Injection of SOG mRNA blocks the biological response of scw mutants to injection of SCW mRNA, but not to injection of DPP mRNA. These results strongly suggest that Sog, which has been genetically characterized as a negative regulator of Dpp activity, functions primarily to modulate Scw activity over the dorsal-ventral axis. These data thus suggest that an activity gradient of dpp results from the differential spatial modulation of Scw activity by Sog. This could happen by either of two mechanisms. One possibility is that the existence of a local ventral source for Sog and the presence of a 'sink' for Sog in the dorsal regions of the embryo (the cleavage of Sog by Tld) could result in a ventral-to-dorsal gradient of Sog. The binding of Sog to Scw could thereby result in the formation of a reciprocal dorsal-to-ventral gradient of scw activity. A second model for the action of Sog posits that Sog facilitates the directional diffusion of the Scw ligand from the lateral to the dorsal regions of the embryo. Specifically, Sog binding to Scw shields the ligand from binding to its ubiquitously localized receptors and thereby allows the Scw-Sog complex to diffuse in the perivitelline space. Dorsally located Tolloid then cleaves Sog, releasing the Scw ligand from the inhibitor. The action of Sog would thus lead to increased dorsal localization of Scw and increased activity of the Sax pathway, ultimately resulting in formation of amnioserosa. This facilitated diffusion model implies that one function of Sog is to elevate Dpp/Scw signaling dorsally. This model would directly explain the reduction in amnioserosa observed in sog mutants and would account for the cell nonautonomous function of Scw, revealed by ventral injections of SCW mRNA. Moreover, this model could also provide an explanation for a puzzling aspect of the phenotype of embryos that lack the nuclear gradient of dorsal gene product. Such dorsalized embryos have a pattern of zygotic gene expression around the embryonic circumference that is similar to that of the most dorsal cells in the wild-type embryo. However, only a small number of cells in dorsalized embryos differentiate as amnioserosa; the great majority of cells in these embryos differentiate as dorsal ectoderm. An increase in dpp gene dosage in dorsalized embryos is sufficient to increase the number of amnioserosal cells. Thus, it appears that despite the pattern of gene expression in dorsalized embryos, the level of dpp/scw signaling is not sufficient to fate amnioserosa. Dorsalized embryos do not express sog; thus, the lack of 'facilitated diffusion' of the Scw ligand mediated by Sog could be the cause of this phenotype (Neul, 1998 and references).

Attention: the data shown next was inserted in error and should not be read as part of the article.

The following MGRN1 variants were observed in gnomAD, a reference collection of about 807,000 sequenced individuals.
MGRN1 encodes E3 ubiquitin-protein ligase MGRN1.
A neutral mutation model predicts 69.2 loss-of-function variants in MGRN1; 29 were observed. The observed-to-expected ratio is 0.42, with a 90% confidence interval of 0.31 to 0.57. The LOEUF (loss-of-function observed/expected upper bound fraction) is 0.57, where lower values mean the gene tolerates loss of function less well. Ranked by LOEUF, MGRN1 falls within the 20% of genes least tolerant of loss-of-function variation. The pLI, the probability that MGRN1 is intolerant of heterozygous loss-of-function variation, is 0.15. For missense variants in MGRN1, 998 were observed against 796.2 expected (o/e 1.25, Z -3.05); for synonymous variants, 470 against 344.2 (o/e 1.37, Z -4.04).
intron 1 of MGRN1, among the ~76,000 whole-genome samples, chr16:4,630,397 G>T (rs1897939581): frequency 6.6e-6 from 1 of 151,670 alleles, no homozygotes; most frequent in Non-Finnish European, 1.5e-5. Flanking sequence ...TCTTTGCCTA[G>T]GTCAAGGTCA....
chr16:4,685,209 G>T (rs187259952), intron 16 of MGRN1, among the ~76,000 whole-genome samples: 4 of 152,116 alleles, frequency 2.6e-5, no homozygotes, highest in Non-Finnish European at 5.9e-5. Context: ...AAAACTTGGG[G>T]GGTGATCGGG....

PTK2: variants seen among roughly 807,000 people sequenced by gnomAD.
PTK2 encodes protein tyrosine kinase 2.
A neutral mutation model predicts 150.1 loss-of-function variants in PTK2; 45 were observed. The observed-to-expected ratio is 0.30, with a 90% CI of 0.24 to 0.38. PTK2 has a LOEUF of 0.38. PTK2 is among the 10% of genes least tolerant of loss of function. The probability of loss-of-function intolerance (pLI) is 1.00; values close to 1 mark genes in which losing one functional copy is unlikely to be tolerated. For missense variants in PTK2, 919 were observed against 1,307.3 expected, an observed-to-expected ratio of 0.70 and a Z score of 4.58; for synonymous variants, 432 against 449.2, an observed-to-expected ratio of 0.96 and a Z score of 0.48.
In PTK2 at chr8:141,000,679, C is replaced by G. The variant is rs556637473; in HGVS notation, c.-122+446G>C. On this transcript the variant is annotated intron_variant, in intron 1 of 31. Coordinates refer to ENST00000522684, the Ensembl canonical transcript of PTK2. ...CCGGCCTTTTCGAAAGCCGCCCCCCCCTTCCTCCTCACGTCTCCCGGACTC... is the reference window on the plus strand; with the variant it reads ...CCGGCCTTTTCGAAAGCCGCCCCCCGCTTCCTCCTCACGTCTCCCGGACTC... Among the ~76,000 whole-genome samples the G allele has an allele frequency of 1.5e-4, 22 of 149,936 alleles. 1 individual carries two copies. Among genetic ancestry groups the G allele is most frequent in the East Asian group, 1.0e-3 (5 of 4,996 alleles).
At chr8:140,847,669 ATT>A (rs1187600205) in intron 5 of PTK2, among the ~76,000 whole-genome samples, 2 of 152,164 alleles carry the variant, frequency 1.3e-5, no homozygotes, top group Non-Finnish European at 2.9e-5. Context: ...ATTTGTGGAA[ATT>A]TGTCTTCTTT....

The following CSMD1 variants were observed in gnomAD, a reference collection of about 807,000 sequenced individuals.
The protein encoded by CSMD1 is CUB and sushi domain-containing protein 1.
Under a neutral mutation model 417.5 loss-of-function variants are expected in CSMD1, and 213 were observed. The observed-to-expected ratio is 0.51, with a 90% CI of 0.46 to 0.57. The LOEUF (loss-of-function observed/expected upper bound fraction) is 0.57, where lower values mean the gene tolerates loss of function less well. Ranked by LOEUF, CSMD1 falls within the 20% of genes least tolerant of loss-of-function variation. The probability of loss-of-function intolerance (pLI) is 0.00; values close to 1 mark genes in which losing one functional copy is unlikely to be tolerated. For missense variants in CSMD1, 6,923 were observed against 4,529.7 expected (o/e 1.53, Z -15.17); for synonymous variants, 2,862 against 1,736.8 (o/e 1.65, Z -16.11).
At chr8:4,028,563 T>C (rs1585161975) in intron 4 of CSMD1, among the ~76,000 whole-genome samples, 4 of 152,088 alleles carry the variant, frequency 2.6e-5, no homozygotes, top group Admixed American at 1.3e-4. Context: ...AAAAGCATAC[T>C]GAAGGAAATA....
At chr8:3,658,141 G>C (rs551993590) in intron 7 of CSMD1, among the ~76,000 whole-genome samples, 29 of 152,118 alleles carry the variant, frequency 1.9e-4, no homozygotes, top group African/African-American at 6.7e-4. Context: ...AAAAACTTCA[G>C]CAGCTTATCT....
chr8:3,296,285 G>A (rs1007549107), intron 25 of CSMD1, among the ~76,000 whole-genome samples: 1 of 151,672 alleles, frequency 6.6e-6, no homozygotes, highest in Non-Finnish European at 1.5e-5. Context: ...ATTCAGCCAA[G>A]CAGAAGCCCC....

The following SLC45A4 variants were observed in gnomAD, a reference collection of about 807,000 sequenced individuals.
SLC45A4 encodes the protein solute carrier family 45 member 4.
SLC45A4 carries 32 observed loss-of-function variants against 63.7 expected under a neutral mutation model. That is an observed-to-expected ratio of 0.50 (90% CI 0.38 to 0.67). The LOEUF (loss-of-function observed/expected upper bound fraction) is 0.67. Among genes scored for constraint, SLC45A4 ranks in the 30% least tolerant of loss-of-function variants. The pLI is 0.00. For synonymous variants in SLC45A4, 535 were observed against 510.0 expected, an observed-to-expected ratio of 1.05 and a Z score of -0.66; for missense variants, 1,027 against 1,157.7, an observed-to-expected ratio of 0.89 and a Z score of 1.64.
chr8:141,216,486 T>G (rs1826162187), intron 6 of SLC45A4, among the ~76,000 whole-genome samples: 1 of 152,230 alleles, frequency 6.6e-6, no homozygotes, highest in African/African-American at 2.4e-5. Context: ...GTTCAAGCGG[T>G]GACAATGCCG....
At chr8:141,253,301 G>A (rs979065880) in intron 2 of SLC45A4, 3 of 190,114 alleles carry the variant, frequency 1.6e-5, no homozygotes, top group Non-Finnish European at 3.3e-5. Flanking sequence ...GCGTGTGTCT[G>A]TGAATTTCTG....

It is proposed that the original function of Dpp might have been to mediate dose-independent cell fate decisions. The ability of Dpp to function in a dose-dependent manner was acquired evolutionarily by the recruitment of a second signaling system whose output could modulate Tkv activity, but whose biological function was dependent on Dpp. The genetic compartmentalization inherent within this circuitry would have ensured the increased evolutionary capacity of such a patterning system. Specifically, genetic alterations in components of the modulatory signaling pathway could lead to significant phenotypic variability without disruption of the original cell fate choice mediated by Dpp. Thus, this genetic circuitry could have been a component in the generation of diverse body plans (Neul, 1998).